Lake Tahoe Humane Society: Important reasons to spay or neuter your pets
In every community, in every state, there are homeless animals. In the U.S., there are an estimated 6-8 million homeless animals entering animal shelters every year. Barely half of these animals are adopted. Tragically, the rest are euthanized. These are healthy, sweet pets that would have made great companions.
Many people are surprised to learn that nationwide, more than 2.7 million healthy, adoptable cats and dogs are euthanized in shelters annually. Spay/neuter is the only permanent, 100 percent effective method of birth control for dogs and cats.
Your pet’s health
A 2013 USA Today article stated that pets that live in states with the highest rates of spaying/neutering also live the longest. According to the report, neutered male dogs live 18 percent longer than un-neutered male dogs, and spayed female dogs live 23 percent longer than un-spayed female dogs. The report goes on to add that in Mississippi, the lowest-ranking state for pet longevity, 44 percent of the dogs are not neutered or spayed.
Part of the reduced lifespan of unaltered pets can be attributed to their increased urge to roam, exposing them to fights with other animals, getting struck by cars and other mishaps.
Another contributor to the increased longevity of altered pets involves the reduced risk of certain types of cancers. Un-spayed female cats and dogs have a far greater chance of developing pyometra (a fatal uterine infection), uterine cancer and other cancers of the reproductive system.
Medical evidence indicates that females spayed before their first heat are typically healthier. Many veterinarians now sterilize dogs and cats as young as 8 weeks of age.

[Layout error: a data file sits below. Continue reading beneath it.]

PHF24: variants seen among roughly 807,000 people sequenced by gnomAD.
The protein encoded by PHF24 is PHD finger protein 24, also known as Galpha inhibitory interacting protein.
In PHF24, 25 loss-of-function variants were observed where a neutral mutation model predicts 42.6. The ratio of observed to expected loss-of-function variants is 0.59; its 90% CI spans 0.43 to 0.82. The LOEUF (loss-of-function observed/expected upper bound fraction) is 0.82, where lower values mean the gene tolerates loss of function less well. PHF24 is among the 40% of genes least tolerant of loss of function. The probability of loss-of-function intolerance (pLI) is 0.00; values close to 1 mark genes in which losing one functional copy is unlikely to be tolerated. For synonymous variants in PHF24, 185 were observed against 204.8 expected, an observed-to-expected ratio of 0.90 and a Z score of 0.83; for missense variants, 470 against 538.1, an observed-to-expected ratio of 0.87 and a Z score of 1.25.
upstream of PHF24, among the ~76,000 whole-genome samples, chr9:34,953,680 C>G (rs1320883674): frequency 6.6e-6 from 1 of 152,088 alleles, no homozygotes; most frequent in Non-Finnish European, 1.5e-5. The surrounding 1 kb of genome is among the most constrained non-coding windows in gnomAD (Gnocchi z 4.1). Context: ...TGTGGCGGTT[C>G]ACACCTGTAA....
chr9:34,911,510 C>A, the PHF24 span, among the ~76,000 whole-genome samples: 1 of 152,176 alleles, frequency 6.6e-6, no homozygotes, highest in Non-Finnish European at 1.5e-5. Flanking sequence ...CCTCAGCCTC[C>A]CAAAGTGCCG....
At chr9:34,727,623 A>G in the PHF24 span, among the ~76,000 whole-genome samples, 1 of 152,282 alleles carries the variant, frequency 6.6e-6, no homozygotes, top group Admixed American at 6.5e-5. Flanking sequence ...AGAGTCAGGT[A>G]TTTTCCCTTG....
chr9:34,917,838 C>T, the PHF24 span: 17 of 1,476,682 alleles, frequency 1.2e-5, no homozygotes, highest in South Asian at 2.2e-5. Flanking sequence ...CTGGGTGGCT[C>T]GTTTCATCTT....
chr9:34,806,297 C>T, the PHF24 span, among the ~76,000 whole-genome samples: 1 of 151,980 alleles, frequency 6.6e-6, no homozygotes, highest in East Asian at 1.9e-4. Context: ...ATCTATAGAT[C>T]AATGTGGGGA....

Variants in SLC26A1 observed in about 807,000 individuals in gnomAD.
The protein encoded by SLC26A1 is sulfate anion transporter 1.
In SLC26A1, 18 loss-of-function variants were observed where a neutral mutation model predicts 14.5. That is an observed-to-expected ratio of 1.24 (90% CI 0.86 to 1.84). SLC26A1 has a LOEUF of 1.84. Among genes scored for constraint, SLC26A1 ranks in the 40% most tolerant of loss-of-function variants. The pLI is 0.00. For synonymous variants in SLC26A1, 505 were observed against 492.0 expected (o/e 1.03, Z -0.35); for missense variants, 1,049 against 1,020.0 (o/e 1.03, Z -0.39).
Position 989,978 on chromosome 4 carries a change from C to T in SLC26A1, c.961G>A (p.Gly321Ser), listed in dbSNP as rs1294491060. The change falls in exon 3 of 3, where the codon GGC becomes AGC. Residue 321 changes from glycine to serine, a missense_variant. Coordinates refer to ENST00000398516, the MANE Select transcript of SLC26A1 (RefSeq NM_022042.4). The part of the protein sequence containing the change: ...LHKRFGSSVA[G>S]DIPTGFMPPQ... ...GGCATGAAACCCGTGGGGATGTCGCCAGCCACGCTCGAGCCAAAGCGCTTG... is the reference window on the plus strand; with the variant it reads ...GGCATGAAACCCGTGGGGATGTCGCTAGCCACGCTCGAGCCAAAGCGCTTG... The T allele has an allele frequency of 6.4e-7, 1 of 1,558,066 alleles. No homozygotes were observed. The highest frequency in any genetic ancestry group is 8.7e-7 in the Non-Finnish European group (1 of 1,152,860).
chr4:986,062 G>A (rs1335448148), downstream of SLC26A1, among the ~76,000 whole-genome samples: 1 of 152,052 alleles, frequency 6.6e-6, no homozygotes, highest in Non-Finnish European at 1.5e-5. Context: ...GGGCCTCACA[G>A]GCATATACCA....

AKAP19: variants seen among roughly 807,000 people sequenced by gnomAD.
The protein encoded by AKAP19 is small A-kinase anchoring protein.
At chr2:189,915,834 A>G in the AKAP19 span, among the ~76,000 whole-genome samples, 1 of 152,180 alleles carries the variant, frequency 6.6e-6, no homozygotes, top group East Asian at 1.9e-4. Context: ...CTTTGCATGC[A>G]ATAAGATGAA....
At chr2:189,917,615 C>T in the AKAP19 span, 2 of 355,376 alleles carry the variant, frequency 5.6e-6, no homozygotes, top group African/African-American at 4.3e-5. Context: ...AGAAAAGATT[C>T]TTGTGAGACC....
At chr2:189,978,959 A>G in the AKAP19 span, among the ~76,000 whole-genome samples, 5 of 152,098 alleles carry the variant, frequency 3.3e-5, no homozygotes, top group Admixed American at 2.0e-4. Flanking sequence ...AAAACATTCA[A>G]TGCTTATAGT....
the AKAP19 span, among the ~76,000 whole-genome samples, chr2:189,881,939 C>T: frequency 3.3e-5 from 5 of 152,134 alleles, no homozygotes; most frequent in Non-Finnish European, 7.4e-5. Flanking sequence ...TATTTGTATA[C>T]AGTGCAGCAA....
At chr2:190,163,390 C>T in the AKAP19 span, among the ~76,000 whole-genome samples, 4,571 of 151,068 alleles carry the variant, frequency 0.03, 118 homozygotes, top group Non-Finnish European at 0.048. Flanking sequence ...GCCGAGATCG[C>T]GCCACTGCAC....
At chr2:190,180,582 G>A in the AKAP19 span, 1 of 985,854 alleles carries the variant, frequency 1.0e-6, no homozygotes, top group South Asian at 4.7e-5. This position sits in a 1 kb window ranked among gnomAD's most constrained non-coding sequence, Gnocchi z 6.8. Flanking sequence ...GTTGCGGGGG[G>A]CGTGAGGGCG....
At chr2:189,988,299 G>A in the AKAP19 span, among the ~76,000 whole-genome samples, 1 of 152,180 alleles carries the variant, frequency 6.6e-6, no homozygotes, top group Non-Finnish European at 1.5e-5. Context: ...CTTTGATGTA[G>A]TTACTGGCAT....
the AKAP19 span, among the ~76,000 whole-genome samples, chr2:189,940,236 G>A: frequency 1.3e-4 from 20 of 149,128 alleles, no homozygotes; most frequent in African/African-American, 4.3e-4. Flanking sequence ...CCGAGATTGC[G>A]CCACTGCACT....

Male pets who are neutered eliminate their chances of getting testicular cancer, and it is thought they have lower rates of prostate cancer, as well.
Getting your pets spayed/neutered will not change their fundamental personality, like their protective instinct.
Curbing bad behavior
Un-neutered dogs are much more assertive and prone to urine-marking (lifting his leg) than neutered dogs. Although it is most often associated with male dogs, females may do it, too. Spaying or neutering your dog should reduce urine-marking and may stop it altogether.
For cats, the urge to spry is extremely strong in an intact cat, and the simplest solution is to get your cat neutered or spayed at about 4 months old, before there’s even a problem. Neutering solves 90 percent of all marking issues, even in cats that have been doing it for a while. It can also minimize howling, the urge to roam and fighting with other males.
In both cats and dogs, the longer you wait, the greater risk you run of the surgery not doing the trick because the behavior is so ingrained.
When you factor in the long-term costs potentially incurred by a non-altered pet, the savings afforded by spay/neuter are clear.
Caring for a pet with reproductive system cancer or pyometra can easily run into the thousands of dollars — five to 10 times as much as a routine spay surgery. Additionally, unaltered pets can be more destructive or high-strung around other dogs. Serious fighting is more common between unaltered pets of the same gender, which can lead to high veterinary costs.
Renewing your pet’s license can be more expensive, too. Many counties have spay/neuter laws that require pets to be sterilized, or require people with unaltered pets to pay higher license renewal fees.
Hoping this article encourages some of you to spay or neuter your pet.
Hopeful Henry is a column managed by Niki Congero, executive director of Lake Tahoe Humane Society & S.P.C.A. Need some pet advice? Ask Hopeful Henry. Submit questions or letters via e-mail to AskHenry@LakeTahoeHumaneSociety.org or by mail to P.O. Box PET South Lake Tahoe, CA 96158. Visit Facebook.com/LakeTahoeHumaneSociety SPCA, Facebook.com/Hopeful.Henry or Twitter.com/LtHumaneSociety.